Matt Taibbi, a contributing editor at Rolling Stone, talks to radio personality Don Imus about municipal bid-rigging.
Cheers to Matt Taibbi for “The Scam Wall Street Learned from the Mafia,” his detailed Rolling Stone article about a municipal bid-rigging scandal that has already resulted in fines totaling nearly $700 million as well as 15 convictions for antitrust violations and wire fraud. A muniland bombshell that first became public over five years ago, the scheme reached its culmination in May when three former executives at GE Capital, General Electric’s finance arm, were convicted on charges of colluding to rig the public bids on muni bonds.
Taibbi laid out the larger picture of the scandal with his characteristic flair:
By conspiring to lower the interest rates that towns earn on these investments [guaranteed investment contracts], the banks systematically stole from schools, hospitals, libraries and nursing homes – from “virtually every state, district and territory in the United States,” according to one settlement. And they did it so cleverly that the victims never even knew they were being cheated. No thumbs were broken, and nobody ended up in a landfill in New Jersey, but money disappeared, lots and lots of it, and its manner of disappearance had a familiar name: organized crime.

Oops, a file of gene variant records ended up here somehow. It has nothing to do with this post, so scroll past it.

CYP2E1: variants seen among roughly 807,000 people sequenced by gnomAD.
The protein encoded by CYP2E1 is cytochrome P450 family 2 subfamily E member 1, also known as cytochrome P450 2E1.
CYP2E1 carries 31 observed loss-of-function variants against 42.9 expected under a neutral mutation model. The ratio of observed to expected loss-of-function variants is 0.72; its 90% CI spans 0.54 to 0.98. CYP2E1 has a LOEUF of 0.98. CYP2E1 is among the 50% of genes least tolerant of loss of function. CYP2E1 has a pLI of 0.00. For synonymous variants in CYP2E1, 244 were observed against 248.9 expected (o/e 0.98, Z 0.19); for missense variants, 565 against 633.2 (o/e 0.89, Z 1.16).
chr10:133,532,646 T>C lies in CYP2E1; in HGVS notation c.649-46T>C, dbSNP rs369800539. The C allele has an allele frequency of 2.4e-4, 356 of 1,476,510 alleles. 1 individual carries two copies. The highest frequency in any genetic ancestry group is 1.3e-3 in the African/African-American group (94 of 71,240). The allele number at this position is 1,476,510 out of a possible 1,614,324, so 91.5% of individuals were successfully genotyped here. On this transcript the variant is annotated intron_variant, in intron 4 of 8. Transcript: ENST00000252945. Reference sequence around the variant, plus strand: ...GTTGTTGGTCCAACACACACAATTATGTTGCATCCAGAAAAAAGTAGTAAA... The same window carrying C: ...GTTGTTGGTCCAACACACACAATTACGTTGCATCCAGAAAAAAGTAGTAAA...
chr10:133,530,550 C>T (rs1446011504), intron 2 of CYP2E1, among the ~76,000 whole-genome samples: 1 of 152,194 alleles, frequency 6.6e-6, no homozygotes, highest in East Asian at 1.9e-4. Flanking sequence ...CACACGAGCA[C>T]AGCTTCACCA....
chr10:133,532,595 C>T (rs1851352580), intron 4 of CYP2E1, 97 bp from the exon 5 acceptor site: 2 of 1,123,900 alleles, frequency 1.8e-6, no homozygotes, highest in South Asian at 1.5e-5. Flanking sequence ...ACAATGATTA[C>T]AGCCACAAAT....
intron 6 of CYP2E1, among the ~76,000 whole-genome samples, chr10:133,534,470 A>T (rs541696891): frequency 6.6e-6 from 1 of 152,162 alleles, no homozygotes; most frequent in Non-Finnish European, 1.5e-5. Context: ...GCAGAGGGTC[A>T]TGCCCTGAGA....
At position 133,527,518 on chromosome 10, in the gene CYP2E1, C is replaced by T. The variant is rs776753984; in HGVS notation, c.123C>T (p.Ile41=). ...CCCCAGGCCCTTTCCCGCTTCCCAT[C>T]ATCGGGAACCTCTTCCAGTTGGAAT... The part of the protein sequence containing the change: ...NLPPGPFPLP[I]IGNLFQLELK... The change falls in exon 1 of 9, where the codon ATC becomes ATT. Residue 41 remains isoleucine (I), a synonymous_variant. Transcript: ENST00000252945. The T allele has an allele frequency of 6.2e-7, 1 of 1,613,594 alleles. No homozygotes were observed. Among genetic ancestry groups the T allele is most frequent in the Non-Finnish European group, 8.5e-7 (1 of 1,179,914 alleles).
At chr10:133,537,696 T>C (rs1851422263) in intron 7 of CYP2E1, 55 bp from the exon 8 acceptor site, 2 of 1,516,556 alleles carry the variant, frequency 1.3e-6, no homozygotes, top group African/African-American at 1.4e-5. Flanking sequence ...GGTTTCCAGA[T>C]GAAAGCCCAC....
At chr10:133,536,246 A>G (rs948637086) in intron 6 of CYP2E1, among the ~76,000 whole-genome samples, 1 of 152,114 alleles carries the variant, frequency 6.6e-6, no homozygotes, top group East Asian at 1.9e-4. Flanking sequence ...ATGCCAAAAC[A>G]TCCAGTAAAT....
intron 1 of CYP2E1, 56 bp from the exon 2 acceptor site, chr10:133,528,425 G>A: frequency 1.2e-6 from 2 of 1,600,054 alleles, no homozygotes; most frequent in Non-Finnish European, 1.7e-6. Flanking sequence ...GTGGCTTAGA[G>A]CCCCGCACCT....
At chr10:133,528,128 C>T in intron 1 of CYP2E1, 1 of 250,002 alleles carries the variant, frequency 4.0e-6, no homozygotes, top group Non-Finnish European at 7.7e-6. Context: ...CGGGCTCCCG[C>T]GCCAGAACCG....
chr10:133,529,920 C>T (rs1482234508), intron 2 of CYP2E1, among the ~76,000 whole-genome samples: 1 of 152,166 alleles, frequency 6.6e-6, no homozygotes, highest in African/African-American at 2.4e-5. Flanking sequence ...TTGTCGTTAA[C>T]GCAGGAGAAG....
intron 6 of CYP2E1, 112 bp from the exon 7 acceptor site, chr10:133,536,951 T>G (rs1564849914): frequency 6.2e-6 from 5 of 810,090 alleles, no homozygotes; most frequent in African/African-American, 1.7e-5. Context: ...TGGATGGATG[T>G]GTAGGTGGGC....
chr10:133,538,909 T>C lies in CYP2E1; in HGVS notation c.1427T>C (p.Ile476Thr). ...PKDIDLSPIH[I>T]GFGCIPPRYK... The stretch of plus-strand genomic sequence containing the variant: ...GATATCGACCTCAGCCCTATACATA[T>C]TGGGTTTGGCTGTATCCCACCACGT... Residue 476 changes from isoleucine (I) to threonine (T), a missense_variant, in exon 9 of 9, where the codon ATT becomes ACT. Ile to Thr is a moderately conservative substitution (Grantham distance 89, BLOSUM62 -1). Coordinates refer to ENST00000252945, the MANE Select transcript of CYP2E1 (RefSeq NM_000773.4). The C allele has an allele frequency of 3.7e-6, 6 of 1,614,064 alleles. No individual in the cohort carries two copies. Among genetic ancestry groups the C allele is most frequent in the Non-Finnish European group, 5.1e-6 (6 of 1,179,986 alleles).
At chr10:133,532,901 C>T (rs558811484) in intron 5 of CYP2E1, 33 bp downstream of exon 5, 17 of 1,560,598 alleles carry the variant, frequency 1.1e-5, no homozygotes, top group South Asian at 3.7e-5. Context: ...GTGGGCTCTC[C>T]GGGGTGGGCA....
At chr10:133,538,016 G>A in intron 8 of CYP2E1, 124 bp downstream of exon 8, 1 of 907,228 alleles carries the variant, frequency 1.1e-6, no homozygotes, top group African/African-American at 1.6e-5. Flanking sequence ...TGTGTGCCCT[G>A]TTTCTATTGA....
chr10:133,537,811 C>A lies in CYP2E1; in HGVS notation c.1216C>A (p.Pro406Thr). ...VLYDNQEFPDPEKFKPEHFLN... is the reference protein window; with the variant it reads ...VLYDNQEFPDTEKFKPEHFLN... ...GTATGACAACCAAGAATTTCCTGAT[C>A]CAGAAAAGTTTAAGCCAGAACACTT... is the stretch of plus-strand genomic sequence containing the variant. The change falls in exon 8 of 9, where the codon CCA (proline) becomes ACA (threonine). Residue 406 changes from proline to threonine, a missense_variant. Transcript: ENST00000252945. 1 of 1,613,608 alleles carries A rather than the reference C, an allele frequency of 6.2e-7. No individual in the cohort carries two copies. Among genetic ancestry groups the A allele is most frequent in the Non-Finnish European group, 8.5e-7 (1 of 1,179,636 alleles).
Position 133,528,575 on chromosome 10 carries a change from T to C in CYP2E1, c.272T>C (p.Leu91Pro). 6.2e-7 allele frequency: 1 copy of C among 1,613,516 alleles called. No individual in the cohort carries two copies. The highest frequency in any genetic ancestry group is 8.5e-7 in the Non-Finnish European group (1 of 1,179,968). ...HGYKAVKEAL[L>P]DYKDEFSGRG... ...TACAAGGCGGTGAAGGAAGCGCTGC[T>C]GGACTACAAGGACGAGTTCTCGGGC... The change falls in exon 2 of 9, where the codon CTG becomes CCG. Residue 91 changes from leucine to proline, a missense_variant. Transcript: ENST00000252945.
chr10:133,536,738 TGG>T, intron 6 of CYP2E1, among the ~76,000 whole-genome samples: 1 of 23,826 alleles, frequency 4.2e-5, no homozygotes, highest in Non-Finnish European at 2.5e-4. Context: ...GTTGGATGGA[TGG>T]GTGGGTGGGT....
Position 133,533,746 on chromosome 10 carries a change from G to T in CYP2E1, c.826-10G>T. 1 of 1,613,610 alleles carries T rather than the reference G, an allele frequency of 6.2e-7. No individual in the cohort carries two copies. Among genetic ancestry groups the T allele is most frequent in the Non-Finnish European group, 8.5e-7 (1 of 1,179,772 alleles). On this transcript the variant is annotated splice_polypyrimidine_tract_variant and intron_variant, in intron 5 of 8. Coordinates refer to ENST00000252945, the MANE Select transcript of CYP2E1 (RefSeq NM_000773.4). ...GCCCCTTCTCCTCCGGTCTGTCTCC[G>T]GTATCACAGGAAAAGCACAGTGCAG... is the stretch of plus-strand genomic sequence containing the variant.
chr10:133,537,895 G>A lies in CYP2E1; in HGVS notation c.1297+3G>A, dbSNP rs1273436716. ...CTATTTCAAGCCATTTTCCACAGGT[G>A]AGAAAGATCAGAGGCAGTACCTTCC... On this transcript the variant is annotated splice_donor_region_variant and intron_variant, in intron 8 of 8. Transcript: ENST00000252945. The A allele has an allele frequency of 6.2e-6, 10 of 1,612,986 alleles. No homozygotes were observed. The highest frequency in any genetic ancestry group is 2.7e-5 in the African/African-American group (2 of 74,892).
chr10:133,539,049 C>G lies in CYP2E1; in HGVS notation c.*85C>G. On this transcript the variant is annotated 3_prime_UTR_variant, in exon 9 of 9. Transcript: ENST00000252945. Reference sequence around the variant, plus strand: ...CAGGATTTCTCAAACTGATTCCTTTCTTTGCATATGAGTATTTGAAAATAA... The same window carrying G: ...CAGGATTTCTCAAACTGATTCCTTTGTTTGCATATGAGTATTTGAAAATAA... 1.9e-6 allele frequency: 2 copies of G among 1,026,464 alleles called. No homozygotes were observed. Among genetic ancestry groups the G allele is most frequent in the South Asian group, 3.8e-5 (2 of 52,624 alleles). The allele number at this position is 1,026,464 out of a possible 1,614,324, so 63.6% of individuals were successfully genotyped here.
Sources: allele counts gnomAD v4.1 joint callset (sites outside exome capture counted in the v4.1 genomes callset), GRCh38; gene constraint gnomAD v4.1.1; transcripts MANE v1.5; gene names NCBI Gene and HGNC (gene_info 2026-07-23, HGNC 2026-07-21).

Taibbi’s story has gone viral and has helped broaden public understanding of this sorry scheme, which has defrauded municipal entities. But are his assertions that there is organized crime and mafia-like activities in muniland anything other than hyperbole?